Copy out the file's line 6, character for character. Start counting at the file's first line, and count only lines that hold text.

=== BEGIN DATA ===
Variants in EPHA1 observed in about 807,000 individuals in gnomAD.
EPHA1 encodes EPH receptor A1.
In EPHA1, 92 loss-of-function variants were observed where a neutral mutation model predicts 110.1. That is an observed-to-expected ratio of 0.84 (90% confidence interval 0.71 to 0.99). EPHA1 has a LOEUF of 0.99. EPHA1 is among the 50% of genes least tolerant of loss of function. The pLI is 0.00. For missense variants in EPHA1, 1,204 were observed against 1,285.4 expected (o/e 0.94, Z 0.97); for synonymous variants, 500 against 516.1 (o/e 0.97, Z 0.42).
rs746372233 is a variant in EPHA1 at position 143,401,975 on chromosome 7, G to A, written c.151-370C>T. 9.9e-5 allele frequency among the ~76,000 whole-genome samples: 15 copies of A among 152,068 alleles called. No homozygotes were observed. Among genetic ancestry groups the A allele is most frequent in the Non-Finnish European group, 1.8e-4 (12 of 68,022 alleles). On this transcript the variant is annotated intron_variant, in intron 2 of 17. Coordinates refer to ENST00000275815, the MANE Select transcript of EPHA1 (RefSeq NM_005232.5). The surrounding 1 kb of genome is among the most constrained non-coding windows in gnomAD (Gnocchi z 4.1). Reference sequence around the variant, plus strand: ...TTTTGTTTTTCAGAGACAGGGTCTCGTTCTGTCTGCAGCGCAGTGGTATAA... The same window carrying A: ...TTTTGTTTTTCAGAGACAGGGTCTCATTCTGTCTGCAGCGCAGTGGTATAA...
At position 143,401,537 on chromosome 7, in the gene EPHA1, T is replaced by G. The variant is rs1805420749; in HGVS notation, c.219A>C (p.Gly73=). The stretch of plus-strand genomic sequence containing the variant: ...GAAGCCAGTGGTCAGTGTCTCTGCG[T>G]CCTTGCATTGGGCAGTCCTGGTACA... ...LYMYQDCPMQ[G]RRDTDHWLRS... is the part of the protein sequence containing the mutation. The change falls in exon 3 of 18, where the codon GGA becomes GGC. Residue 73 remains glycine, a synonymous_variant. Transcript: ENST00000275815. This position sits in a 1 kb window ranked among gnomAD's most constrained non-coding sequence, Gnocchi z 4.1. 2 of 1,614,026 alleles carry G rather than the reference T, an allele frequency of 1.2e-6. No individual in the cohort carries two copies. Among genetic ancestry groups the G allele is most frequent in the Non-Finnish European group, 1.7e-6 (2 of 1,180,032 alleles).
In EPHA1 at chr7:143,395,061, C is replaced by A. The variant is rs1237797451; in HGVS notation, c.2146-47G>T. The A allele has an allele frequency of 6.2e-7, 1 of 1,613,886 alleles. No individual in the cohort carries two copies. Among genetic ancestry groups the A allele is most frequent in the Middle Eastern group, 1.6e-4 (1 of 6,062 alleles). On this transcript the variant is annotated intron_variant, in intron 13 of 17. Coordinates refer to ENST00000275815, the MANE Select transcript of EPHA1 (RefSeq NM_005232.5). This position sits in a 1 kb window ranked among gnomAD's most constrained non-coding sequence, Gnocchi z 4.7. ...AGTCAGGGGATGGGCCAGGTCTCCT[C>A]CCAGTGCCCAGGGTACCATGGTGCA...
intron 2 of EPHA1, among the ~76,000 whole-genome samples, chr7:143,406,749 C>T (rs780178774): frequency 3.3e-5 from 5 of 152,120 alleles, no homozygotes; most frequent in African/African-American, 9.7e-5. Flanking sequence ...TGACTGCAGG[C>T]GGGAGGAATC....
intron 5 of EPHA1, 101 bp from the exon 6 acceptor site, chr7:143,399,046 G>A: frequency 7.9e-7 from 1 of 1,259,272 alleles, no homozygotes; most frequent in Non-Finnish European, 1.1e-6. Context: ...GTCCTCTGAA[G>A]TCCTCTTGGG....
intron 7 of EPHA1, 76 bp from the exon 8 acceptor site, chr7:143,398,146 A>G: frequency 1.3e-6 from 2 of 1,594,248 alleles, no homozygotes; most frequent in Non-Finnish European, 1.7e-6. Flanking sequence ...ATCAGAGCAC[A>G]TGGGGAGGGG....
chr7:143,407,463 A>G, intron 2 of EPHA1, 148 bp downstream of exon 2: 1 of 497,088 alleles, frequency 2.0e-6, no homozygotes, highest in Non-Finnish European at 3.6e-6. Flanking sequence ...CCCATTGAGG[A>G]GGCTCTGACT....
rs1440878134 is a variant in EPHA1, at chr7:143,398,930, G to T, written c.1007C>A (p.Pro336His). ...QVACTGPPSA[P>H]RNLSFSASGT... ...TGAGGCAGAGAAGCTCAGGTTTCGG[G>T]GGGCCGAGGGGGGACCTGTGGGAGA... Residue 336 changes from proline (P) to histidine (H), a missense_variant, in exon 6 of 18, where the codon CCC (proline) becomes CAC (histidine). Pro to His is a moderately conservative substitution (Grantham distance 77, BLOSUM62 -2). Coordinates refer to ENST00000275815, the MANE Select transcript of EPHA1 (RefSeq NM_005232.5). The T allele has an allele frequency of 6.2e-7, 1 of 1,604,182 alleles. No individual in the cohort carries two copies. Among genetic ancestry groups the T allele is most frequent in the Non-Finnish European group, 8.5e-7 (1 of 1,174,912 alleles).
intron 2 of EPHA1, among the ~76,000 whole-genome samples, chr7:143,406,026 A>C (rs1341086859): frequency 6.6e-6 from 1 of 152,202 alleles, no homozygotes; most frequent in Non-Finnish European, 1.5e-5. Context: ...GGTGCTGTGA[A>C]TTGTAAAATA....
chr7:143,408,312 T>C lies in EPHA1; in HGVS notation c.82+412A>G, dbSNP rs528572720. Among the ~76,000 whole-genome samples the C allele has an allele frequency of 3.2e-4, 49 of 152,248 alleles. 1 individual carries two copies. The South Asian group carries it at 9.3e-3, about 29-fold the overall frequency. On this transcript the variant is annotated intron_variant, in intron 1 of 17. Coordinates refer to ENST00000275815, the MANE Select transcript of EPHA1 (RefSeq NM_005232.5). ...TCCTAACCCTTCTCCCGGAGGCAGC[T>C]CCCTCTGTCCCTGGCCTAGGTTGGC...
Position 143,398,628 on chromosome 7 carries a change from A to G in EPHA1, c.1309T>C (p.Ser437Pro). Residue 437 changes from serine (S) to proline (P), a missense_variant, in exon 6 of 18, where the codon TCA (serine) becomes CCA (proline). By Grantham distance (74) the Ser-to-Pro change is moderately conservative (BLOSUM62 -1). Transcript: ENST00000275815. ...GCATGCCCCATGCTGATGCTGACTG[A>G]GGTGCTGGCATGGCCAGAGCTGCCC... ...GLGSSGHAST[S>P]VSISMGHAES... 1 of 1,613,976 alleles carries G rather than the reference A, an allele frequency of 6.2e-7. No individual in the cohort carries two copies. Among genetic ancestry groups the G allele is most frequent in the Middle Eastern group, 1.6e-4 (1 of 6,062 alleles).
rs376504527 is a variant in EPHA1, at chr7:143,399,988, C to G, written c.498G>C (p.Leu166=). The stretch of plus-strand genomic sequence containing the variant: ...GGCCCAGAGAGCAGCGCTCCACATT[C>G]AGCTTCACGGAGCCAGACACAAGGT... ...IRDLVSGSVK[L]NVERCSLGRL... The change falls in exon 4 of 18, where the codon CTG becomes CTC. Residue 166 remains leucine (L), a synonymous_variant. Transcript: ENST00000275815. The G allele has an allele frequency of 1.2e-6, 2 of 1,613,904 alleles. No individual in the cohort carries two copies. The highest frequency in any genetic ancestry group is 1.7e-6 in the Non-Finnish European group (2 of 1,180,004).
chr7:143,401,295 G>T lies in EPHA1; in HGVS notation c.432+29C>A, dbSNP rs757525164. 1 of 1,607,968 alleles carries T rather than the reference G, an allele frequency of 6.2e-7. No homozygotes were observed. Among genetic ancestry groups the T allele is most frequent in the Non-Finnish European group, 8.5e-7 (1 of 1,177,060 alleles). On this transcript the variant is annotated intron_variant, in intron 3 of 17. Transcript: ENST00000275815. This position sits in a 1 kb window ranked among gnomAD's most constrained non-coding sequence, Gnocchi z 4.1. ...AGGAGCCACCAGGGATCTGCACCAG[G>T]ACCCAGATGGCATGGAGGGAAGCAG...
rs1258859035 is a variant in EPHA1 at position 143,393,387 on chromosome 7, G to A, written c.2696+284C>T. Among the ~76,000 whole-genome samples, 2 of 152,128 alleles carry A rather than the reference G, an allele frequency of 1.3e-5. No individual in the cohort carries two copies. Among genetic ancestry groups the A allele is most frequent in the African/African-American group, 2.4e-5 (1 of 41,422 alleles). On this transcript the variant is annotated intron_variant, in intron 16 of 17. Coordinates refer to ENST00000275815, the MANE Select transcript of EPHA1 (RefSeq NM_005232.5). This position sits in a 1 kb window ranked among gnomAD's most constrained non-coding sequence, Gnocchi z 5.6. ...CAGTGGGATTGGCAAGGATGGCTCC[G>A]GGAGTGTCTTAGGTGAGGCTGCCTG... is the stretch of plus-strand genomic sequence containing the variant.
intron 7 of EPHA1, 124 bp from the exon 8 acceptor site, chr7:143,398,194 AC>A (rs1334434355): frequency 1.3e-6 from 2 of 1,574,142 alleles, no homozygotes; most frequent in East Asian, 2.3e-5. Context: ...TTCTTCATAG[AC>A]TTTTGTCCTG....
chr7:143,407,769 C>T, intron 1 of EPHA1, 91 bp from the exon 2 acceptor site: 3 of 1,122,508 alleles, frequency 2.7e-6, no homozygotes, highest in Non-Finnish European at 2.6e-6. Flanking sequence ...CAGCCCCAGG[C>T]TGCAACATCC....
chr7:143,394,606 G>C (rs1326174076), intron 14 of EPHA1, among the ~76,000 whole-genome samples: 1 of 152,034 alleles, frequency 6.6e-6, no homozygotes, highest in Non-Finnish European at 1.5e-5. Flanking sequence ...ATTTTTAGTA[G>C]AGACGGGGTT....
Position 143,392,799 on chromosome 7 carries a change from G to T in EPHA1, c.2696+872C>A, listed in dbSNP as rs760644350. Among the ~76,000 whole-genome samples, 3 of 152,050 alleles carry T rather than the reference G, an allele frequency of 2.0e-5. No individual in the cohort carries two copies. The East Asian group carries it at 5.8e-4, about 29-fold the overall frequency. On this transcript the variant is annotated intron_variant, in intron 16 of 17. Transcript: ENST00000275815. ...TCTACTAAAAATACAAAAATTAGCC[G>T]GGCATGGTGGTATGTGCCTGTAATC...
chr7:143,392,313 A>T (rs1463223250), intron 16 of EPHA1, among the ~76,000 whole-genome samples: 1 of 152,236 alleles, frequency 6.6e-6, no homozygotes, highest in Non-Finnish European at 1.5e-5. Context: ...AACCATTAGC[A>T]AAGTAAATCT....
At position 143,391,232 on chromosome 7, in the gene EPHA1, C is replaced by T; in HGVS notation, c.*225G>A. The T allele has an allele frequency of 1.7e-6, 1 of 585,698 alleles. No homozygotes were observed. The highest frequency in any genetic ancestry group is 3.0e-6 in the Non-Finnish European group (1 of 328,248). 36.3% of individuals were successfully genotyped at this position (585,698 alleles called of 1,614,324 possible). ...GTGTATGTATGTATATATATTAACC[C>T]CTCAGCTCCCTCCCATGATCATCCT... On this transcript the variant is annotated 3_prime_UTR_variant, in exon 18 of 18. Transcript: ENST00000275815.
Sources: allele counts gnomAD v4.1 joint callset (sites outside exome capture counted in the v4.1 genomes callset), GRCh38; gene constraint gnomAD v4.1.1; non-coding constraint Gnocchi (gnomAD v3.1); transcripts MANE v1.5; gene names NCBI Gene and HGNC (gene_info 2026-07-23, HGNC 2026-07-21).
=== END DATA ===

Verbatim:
In EPHA1 at chr7:143,395,061, C is replaced by A. The variant is rs1237797451; in HGVS notation, c.2146-47G>T. The A allele has an allele frequency of 6.2e-7, 1 of 1,613,886 alleles. No individual in the cohort carries two copies. Among genetic ancestry groups the A allele is most frequent in the Middle Eastern group, 1.6e-4 (1 of 6,062 alleles). On this transcript the variant is annotated intron_variant, in intron 13 of 17. Coordinates refer to ENST00000275815, the MANE Select transcript of EPHA1 (RefSeq NM_005232.5). This position sits in a 1 kb window ranked among gnomAD's most constrained non-coding sequence, Gnocchi z 4.7. ...AGTCAGGGGATGGGCCAGGTCTCCT[C>A]CCAGTGCCCAGGGTACCATGGTGCA...